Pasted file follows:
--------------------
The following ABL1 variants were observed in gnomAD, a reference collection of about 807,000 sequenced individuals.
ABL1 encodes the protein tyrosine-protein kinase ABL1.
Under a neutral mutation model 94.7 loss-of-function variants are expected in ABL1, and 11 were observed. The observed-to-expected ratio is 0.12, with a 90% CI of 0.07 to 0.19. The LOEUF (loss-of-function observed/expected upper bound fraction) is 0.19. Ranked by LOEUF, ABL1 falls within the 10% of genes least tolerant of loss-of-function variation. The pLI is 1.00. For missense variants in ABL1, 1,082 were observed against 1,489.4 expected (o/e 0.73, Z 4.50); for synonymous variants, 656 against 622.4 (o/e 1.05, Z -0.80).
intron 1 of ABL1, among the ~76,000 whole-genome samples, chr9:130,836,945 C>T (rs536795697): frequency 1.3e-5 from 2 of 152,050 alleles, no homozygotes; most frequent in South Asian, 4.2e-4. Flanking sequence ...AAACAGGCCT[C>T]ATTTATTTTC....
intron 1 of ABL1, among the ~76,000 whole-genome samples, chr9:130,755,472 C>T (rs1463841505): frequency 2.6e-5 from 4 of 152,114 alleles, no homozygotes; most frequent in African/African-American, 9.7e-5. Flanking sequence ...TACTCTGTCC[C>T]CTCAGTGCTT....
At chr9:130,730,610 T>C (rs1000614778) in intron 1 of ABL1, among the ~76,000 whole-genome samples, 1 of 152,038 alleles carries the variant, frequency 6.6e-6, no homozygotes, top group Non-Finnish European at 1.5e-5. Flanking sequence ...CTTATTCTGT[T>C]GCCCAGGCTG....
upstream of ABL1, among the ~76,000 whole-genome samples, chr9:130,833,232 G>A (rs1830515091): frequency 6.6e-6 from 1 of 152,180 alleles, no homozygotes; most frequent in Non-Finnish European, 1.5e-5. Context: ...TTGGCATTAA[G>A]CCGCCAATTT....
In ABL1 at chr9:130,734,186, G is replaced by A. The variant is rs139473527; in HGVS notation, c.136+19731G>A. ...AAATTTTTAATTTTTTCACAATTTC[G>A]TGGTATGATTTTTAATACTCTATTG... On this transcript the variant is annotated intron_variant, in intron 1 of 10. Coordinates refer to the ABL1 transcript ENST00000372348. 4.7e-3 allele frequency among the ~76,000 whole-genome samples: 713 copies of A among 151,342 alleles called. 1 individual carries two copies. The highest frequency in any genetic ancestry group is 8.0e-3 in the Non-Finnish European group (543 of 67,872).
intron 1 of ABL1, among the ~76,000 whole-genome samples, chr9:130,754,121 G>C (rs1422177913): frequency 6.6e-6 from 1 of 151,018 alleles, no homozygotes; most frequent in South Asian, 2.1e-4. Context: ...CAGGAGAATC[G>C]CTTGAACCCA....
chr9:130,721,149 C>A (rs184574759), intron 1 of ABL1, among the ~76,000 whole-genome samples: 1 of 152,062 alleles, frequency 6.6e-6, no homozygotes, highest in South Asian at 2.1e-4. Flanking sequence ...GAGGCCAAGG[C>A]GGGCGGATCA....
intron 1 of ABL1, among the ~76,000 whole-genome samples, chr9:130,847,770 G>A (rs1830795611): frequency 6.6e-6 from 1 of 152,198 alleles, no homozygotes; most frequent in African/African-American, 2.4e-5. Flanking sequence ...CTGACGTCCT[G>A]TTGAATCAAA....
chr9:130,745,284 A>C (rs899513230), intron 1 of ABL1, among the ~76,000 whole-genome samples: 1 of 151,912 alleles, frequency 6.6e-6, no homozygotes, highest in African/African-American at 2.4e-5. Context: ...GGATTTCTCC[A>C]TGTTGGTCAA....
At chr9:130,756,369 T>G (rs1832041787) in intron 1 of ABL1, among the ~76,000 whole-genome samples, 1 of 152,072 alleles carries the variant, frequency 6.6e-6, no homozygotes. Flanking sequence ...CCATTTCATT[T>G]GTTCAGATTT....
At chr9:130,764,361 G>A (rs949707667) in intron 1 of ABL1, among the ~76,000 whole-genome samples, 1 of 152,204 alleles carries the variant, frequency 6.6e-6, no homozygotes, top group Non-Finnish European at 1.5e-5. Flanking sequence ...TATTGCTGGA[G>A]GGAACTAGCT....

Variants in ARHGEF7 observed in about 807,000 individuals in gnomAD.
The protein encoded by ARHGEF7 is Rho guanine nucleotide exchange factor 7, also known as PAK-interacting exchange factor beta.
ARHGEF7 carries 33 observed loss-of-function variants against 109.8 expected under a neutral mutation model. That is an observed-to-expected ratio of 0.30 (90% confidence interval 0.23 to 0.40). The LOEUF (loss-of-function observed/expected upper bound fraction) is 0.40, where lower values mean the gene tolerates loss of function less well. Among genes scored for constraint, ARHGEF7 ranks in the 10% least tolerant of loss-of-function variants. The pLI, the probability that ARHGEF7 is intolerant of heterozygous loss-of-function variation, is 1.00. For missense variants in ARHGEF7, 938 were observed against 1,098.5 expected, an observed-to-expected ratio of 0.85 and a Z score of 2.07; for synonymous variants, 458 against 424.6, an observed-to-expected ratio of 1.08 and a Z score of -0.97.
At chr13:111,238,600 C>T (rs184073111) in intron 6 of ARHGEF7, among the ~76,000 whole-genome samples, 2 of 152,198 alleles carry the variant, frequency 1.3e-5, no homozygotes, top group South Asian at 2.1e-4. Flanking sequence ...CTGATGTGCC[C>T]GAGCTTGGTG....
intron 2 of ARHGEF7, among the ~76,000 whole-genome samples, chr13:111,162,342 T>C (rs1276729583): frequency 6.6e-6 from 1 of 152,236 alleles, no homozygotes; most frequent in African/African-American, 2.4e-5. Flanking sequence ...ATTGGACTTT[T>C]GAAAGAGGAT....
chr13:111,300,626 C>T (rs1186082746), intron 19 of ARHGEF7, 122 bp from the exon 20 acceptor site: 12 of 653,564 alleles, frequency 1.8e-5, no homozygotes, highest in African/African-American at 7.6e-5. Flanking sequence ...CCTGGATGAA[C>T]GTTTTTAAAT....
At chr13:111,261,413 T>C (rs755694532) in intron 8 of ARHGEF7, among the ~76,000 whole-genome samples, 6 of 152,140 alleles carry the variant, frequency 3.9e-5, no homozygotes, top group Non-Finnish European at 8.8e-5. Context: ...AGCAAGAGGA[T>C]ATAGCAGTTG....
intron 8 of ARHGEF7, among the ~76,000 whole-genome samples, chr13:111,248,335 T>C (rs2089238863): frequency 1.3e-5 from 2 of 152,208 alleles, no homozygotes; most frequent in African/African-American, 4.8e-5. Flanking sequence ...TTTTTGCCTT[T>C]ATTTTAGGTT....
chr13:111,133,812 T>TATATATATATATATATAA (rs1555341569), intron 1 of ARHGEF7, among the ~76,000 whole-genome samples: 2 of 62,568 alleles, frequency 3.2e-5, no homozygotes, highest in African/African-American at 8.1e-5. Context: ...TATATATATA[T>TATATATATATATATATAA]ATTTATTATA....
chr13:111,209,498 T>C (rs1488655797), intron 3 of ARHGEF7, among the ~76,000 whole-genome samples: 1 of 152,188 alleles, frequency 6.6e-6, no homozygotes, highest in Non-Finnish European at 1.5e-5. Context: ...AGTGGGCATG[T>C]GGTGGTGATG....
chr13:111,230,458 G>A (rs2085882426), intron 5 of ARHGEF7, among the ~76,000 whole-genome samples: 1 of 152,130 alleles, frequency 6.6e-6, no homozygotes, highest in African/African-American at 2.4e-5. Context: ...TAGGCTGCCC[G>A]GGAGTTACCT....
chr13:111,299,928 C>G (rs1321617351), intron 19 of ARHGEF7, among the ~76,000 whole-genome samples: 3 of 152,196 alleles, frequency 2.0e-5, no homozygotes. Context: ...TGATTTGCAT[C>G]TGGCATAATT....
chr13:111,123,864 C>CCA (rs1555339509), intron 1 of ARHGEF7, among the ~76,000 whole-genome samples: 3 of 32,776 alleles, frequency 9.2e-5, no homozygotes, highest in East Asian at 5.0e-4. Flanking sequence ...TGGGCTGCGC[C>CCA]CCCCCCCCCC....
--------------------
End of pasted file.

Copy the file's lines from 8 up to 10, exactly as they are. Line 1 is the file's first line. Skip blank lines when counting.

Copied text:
In ABL1 at chr9:130,734,186, G is replaced by A. The variant is rs139473527; in HGVS notation, c.136+19731G>A. ...AAATTTTTAATTTTTTCACAATTTC[G>A]TGGTATGATTTTTAATACTCTATTG... On this transcript the variant is annotated intron_variant, in intron 1 of 10. Coordinates refer to the ABL1 transcript ENST00000372348. 4.7e-3 allele frequency among the ~76,000 whole-genome samples: 713 copies of A among 151,342 alleles called. 1 individual carries two copies. The highest frequency in any genetic ancestry group is 8.0e-3 in the Non-Finnish European group (543 of 67,872).
intron 1 of ABL1, among the ~76,000 whole-genome samples, chr9:130,754,121 G>C (rs1422177913): frequency 6.6e-6 from 1 of 151,018 alleles, no homozygotes; most frequent in South Asian, 2.1e-4. Context: ...CAGGAGAATC[G>C]CTTGAACCCA....
chr9:130,721,149 C>A (rs184574759), intron 1 of ABL1, among the ~76,000 whole-genome samples: 1 of 152,062 alleles, frequency 6.6e-6, no homozygotes, highest in South Asian at 2.1e-4. Flanking sequence ...GAGGCCAAGG[C>A]GGGCGGATCA....